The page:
Yevamot, Chapter Fifteen, Mishnah Eight
Our mishnah deals with a situation where a woman goes abroad with a husband and a son and then returns claiming that both have died. The question is: is she liable for yibbum.
1) A woman who went with her husband to a country beyond the sea, and her son was with her, and who came back and stated, my husband died and afterwards my son died, is believed.
2) [If she stated] my son died and afterwards my husband died, she is not believed, but we are concerned that her words [might be true] and she must, therefore, perform halitzah but may not contract yibbum.
Section one: If her husband died before the son died, then at the point of death she was not liable for yibbum (for her husband died at a point when he had kids). Since she went abroad under the assumption that she is not liable for yibbum, and she now returns claiming that this is still true, she is believed. This mishnah works according to a well-known principle whereby a person is believed if he does not change the status quo, but not necessarily believed if he does change it.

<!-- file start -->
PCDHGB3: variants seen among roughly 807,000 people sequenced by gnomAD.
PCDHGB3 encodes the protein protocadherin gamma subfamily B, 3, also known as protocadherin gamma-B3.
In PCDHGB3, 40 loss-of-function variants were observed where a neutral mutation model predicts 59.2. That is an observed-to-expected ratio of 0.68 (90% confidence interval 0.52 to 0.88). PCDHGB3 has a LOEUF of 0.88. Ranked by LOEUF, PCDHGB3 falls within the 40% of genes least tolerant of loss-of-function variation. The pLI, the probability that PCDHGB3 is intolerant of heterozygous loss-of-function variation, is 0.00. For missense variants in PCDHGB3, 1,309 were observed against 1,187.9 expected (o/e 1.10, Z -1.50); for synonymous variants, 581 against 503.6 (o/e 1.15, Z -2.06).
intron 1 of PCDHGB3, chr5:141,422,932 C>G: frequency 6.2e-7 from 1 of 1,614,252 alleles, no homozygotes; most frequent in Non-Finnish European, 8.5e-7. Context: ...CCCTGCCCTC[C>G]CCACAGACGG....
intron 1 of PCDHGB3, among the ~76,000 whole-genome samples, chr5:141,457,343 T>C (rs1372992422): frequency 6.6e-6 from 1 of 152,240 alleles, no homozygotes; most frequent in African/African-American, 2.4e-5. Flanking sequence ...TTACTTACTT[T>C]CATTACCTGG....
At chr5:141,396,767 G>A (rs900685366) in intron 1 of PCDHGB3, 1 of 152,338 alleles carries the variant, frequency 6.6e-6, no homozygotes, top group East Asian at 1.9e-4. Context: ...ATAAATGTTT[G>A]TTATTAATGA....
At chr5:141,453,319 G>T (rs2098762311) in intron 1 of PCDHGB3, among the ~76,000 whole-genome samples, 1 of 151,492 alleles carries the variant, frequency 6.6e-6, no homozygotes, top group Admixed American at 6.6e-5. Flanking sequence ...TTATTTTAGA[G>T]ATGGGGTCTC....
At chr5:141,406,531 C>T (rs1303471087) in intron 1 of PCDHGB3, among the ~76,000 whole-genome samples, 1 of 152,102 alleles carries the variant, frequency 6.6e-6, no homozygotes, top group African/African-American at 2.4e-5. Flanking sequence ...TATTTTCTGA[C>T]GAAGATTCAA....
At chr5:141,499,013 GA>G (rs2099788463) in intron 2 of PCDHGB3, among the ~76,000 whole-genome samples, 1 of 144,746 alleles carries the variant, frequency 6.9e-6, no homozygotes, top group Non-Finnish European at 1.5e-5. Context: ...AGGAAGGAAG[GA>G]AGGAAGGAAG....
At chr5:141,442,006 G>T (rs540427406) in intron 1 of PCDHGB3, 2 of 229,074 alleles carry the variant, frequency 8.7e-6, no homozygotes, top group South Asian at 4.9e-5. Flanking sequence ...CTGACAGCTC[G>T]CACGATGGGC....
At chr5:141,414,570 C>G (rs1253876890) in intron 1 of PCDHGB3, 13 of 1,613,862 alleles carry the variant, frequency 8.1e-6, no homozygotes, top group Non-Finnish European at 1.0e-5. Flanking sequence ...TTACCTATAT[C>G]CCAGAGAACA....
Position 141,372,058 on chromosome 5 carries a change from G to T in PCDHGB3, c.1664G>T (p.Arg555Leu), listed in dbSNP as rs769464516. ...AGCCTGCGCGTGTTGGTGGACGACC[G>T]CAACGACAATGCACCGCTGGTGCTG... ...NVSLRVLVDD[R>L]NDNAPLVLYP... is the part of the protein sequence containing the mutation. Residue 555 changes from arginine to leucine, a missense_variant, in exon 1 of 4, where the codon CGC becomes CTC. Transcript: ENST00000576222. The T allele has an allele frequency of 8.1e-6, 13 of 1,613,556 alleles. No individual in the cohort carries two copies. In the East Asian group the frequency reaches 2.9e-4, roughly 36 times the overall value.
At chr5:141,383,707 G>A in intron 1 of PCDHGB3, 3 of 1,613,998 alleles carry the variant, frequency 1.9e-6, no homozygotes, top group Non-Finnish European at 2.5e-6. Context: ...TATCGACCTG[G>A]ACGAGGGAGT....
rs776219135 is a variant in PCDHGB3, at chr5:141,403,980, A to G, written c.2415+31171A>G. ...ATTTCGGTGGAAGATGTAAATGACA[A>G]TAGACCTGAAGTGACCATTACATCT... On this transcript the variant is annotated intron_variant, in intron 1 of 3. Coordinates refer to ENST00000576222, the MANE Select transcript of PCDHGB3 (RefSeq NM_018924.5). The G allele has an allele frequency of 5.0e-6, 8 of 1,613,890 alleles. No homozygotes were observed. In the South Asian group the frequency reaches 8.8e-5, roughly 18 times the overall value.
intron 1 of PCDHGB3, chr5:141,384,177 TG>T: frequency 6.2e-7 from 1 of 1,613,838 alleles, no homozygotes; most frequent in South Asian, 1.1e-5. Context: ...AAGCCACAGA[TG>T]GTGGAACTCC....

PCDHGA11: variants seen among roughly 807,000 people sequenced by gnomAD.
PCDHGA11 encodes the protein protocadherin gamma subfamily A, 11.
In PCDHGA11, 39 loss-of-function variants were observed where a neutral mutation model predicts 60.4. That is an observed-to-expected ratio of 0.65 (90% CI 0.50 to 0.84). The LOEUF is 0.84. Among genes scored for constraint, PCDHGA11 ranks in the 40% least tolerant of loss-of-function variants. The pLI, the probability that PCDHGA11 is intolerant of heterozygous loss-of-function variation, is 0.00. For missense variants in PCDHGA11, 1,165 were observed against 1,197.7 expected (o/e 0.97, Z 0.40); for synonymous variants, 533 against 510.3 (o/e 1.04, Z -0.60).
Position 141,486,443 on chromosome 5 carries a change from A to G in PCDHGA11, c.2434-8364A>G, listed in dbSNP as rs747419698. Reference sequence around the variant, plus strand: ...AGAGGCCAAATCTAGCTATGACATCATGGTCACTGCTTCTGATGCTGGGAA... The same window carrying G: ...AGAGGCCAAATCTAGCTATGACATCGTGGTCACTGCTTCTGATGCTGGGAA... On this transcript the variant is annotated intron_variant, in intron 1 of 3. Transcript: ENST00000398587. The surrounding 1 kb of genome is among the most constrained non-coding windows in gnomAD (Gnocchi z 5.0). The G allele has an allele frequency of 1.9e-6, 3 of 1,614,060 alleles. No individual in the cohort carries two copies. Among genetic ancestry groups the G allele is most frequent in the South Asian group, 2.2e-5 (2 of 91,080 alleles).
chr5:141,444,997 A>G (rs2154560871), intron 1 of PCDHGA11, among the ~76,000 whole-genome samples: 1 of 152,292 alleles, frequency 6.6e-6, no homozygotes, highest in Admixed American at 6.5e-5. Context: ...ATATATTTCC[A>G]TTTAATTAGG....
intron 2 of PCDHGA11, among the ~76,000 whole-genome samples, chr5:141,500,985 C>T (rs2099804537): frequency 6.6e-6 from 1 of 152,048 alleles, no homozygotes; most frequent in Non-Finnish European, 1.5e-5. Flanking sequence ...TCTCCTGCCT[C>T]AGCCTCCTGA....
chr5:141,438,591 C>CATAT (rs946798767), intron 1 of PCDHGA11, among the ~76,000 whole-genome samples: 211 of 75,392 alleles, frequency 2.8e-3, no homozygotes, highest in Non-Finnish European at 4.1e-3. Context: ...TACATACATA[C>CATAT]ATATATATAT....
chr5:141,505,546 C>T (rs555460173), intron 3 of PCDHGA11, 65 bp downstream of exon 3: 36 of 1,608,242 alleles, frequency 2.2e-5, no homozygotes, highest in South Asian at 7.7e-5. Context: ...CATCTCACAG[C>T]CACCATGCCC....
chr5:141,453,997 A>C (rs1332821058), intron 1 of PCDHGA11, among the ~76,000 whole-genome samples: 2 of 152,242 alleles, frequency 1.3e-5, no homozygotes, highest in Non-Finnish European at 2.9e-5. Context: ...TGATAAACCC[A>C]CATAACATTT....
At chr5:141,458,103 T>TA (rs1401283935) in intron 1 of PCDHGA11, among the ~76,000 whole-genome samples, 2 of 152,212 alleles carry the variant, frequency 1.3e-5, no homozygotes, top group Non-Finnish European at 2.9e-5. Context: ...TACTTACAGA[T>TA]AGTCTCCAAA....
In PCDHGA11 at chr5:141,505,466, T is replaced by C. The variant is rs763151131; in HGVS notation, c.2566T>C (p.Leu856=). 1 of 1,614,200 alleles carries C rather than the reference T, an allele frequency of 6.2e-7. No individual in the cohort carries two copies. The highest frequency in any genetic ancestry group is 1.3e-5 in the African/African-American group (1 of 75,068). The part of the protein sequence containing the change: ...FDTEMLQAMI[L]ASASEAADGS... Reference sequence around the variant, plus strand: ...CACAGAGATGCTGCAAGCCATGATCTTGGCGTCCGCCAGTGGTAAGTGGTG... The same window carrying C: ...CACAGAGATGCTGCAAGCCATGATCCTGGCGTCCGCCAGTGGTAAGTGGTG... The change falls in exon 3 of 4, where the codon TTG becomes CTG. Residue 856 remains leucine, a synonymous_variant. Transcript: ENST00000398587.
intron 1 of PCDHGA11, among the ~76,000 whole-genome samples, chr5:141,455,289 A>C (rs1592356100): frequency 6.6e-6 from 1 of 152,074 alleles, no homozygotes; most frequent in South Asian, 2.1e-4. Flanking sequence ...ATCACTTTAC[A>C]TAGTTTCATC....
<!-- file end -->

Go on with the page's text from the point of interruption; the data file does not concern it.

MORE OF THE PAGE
Section two: In this case, she claims that the son died first and therefore when her husband died he had no children, leaving her liable for yibbum. Since she is changing the status quo that existed when she left, and now claiming that she is liable for yibbum, she is not entirely believed and she is not allowed to contract yibbum with her dead husbands brother. However, since she might be telling the truth, and really be liable for yibbum, she first must perform halitzah and only then is she allowed to remarry.